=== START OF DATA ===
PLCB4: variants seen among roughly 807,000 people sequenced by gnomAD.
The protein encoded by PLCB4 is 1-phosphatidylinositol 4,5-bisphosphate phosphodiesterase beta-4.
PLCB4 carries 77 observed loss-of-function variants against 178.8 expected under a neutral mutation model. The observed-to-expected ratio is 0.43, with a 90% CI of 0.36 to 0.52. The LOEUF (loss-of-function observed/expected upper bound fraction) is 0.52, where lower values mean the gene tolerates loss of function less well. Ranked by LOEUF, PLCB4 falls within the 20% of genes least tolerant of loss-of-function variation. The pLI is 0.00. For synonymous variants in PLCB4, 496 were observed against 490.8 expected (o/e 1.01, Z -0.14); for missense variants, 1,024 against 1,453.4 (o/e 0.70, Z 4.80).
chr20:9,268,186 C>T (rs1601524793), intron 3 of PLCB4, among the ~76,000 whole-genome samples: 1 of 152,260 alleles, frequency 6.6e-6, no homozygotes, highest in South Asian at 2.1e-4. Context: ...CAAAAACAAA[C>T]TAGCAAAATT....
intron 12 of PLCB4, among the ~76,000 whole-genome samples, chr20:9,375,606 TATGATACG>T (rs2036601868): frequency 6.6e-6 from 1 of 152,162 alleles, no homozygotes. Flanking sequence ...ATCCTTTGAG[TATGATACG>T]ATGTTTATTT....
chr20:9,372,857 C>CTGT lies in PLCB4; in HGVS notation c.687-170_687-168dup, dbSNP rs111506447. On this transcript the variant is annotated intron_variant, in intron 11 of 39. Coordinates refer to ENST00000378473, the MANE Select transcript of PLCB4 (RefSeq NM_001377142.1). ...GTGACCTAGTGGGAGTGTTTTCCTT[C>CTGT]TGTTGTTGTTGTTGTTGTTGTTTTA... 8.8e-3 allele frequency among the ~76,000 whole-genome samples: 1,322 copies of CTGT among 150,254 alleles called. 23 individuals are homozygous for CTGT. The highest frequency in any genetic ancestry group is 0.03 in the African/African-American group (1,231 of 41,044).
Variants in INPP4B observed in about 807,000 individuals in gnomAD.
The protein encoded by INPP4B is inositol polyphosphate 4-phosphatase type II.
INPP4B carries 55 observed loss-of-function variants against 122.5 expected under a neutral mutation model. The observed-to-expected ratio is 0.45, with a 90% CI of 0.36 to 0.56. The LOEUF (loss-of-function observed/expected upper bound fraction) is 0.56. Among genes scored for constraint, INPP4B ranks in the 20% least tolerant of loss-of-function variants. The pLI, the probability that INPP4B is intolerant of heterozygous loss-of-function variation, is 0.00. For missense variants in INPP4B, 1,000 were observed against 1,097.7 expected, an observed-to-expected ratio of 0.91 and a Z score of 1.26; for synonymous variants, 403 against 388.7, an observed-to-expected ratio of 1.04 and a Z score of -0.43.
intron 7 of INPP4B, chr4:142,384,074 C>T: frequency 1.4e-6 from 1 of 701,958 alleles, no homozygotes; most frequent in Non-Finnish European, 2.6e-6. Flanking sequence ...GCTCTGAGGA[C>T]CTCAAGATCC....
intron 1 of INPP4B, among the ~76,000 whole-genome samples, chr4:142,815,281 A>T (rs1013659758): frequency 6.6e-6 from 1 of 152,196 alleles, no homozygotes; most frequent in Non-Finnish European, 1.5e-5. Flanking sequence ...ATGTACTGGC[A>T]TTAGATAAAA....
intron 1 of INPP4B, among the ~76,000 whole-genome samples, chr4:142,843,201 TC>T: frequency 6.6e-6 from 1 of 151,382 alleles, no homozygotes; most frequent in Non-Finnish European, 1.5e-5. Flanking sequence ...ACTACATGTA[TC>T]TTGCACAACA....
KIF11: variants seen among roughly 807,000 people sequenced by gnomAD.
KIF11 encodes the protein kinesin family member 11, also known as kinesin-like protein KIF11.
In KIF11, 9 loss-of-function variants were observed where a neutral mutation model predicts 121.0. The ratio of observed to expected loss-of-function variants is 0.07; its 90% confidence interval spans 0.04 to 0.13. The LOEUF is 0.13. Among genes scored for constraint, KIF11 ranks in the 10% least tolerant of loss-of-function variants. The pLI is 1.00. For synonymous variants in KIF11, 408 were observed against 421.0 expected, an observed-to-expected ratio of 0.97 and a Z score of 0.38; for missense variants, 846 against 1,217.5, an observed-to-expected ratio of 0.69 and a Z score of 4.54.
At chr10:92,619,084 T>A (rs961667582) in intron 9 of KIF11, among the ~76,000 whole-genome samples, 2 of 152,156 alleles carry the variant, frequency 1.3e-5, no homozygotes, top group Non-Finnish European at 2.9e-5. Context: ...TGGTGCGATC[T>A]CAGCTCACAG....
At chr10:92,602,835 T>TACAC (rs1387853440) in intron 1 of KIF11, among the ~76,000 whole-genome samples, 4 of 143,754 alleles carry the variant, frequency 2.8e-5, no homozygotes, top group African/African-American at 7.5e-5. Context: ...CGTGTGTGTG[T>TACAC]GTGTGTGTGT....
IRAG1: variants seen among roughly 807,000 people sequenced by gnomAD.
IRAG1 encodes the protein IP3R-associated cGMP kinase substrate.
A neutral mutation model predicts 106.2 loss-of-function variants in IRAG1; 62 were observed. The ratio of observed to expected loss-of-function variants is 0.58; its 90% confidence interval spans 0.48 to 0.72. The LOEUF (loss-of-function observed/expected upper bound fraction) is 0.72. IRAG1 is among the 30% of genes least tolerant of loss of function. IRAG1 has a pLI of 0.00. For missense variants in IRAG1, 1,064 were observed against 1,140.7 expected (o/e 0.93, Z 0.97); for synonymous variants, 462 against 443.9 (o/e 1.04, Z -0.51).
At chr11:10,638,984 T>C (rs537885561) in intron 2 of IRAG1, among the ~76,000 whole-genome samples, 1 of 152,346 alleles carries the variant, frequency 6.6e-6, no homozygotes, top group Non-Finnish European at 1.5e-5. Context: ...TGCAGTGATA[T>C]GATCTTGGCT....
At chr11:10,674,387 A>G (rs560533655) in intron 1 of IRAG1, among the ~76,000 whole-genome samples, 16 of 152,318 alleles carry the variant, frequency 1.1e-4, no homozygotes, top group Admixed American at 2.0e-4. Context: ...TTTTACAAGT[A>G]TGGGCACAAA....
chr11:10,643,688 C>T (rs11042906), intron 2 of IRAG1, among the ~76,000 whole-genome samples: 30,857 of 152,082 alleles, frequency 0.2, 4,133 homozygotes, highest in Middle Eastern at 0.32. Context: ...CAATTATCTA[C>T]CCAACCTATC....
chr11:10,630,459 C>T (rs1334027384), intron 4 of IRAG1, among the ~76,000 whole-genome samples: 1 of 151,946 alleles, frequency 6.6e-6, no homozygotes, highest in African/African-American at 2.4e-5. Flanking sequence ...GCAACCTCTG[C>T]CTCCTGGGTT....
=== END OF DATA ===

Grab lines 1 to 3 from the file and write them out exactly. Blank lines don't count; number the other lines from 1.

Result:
PLCB4: variants seen among roughly 807,000 people sequenced by gnomAD.
The protein encoded by PLCB4 is 1-phosphatidylinositol 4,5-bisphosphate phosphodiesterase beta-4.
PLCB4 carries 77 observed loss-of-function variants against 178.8 expected under a neutral mutation model. The observed-to-expected ratio is 0.43, with a 90% CI of 0.36 to 0.52. The LOEUF (loss-of-function observed/expected upper bound fraction) is 0.52, where lower values mean the gene tolerates loss of function less well. Ranked by LOEUF, PLCB4 falls within the 20% of genes least tolerant of loss-of-function variation. The pLI is 0.00. For synonymous variants in PLCB4, 496 were observed against 490.8 expected (o/e 1.01, Z -0.14); for missense variants, 1,024 against 1,453.4 (o/e 0.70, Z 4.80).